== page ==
A new year, a new Bill?

The last few weeks have been good for Bill Shorten. He’s been increasingly bold, has set the agenda and gotten favourable public response, putting the Coalition government on the backfoot. The polls have tightened, with two (Newspoll and Essential) recording 50-50 2PP.

Malcolm Turnbull meanwhile has been struggling. While expectations about Shorten have been extremely low, even among the party base, for Turnbull expectations are sky-high — and he is not living up to them. He is constrained by trying to keep the peace in his party room, fending off leaks and backbench revolts. In the last few weeks alone, there have been leaks about the Defence White Paper and conservative uproar about the safe schools program.

Turnbull’s tax reform agenda, which was to be the centrepiece of his re-election campaign, is in shambles. Internal opposition led to the dumping of GST changes, and even modest changes to negative gearing are unlikely to get party room support. Bereft of a tax reform agenda, the government is caught between indecision and reaction.

Even with all this going on, Labor knows that a small-target strategy would not work against Turnbull. The negative gearing announcement made everyone pay attention because Shorten took a position that might be unpopular with some swinging voters in the electorate, challenging assumptions about his aversion to risk. Similarly, calling Senator Cory Bernardi a homophobe and replacing Joe Bullock with Patrick Dodson has caused people to start reassessing Shorten.

Negative gearing has been particularly potent because it is a policy that the party base really likes. Communication expert Anat Shenker-Osorio has argued that progressives should engage their base and persuade swinging voters, rather than cater to them and alienate their opponents. The Coalition’s policies on immigration and refugees did this; negative gearing does it perfectly for Labor.

It’s a sensible strategy. Since the Second World War, Labor has only won from Opposition three times, and in each case did so by having, a positive agenda with clear and distinctive ideas. With doubts growing about Turnbull, it gives Shorten an opportunity to outline clear and distinctive ideas.

The big danger here is that big policy announcements this early open Labor up to attack and give the Coalition time to respond. In addition to its proposed changes to negative gearing Labor has made big commitments on Gonski education reform. If Turnbull can create enough doubt about Labor, he can get re-elected. With the conservative wing of the Coalition making it difficult for Turnbull to outline and focus on a bold policy agenda, resorting to a fear campaign may become his only option.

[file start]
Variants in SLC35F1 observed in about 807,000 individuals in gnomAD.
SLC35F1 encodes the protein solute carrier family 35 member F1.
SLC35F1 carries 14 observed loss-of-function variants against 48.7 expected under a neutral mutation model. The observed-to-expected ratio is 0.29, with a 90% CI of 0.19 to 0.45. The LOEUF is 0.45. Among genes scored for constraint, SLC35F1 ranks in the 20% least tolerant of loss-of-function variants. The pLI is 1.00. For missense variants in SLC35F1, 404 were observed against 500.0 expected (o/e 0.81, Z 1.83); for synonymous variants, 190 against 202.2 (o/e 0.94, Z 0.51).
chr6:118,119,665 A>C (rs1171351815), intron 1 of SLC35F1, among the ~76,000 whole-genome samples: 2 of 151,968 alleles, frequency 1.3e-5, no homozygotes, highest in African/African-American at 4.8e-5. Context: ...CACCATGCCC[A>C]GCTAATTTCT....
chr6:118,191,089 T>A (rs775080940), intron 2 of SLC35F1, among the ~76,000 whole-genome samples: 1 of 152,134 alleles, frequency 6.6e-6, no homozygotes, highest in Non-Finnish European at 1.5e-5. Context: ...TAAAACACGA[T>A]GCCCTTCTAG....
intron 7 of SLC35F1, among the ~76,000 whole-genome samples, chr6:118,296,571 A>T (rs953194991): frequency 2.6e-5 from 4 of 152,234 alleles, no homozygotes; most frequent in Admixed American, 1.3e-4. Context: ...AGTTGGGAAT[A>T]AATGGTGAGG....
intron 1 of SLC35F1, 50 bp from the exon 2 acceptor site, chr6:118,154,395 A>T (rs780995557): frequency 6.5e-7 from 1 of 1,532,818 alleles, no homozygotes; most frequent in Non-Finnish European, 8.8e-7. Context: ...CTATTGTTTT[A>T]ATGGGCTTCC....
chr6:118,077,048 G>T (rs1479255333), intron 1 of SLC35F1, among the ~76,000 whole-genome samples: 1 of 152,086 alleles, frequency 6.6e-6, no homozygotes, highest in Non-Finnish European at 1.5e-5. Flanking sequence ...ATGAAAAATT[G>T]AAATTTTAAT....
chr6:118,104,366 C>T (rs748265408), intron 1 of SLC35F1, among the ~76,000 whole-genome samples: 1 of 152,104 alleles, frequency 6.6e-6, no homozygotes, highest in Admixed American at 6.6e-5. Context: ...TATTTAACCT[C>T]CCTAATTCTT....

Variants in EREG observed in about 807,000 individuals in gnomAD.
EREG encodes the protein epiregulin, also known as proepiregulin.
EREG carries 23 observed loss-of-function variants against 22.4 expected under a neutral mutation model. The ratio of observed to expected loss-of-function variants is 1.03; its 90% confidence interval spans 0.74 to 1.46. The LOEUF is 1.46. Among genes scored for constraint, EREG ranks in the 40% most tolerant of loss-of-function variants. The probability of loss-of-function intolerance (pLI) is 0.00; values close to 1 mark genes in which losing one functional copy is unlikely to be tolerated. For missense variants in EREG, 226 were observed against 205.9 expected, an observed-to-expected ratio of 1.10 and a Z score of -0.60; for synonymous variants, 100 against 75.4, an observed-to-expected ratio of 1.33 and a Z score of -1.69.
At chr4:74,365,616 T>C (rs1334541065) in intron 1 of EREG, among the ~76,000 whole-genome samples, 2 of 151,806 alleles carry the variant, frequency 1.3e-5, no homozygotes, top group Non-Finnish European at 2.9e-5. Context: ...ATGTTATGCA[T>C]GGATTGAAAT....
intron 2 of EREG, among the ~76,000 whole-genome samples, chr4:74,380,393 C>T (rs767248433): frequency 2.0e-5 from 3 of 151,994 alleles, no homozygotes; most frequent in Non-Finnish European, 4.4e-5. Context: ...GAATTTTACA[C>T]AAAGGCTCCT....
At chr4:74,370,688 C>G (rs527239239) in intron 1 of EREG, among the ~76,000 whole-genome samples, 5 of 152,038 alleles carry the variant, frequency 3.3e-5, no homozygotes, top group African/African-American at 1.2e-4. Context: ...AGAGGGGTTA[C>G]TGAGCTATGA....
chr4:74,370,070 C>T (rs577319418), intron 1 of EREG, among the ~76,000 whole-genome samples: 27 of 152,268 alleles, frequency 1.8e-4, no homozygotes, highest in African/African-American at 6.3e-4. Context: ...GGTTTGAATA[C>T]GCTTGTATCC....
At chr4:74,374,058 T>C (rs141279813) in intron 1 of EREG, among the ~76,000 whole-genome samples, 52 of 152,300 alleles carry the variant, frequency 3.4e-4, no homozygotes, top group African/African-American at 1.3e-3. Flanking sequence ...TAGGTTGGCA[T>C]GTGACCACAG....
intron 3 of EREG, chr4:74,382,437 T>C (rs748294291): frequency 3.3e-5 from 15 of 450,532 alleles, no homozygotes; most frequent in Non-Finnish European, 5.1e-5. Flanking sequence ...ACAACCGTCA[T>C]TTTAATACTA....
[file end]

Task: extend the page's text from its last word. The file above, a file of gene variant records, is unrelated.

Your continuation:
But Labor needs to be bold and continue strengthening its narrative. A clear lesson from the British election is that a shopping list of appealing policies is not enough. Labor has sought to establish a narrative about the future and science, focusing on jobs of the future by announcing policies on coding, renewables and start-ups. But while this has potential, as evidenced by Turnbull’s attempts to neutralise it with his innovation statement, it has not been convincing, as yet.

People increasingly understand that change is necessary. They are worried about the future, not only out of self-interest but also out of concern for their children’s future and living standards. They want someone to be straightforward about the challenges we face, and have a plan.

Shorten’s speech at the National Press Club this week showed signs that he recognises this underlying public mood and that determining how to ensure a just transition in the face of big structural forces is shaping Labor’s thinking.

Digital disruption, the ageing population and climate change will have profound effects on Australia and the world. Most people understand we need to innovate and adapt, but they also want some security and certainty for themselves. Not everyone will benefit equally from disruption. There are some big risks, and intervention is necessary to ensure opportunities and burdens are fairly shared.

While Turnbull may be ahead as preferred prime minister, the Coalition has yet to demonstrate the principle of fairness — in government, let alone in their future plans. That principle of fairness is deeply held and widely felt across the electorate, as shown by the reaction to the 2014 Budget.

If Shorten can capture this mood, he has a chance of winning. Labor’s narrative needs to be not only that it is the party best equipped to deal with the challenges we face, but is the only party that can ensure any changes will be just and equitable. A plan for the future that is both convincing and seen as fair may end up being the difference between being in government and opposition.

Published in Eureka Street on 18 March 2016

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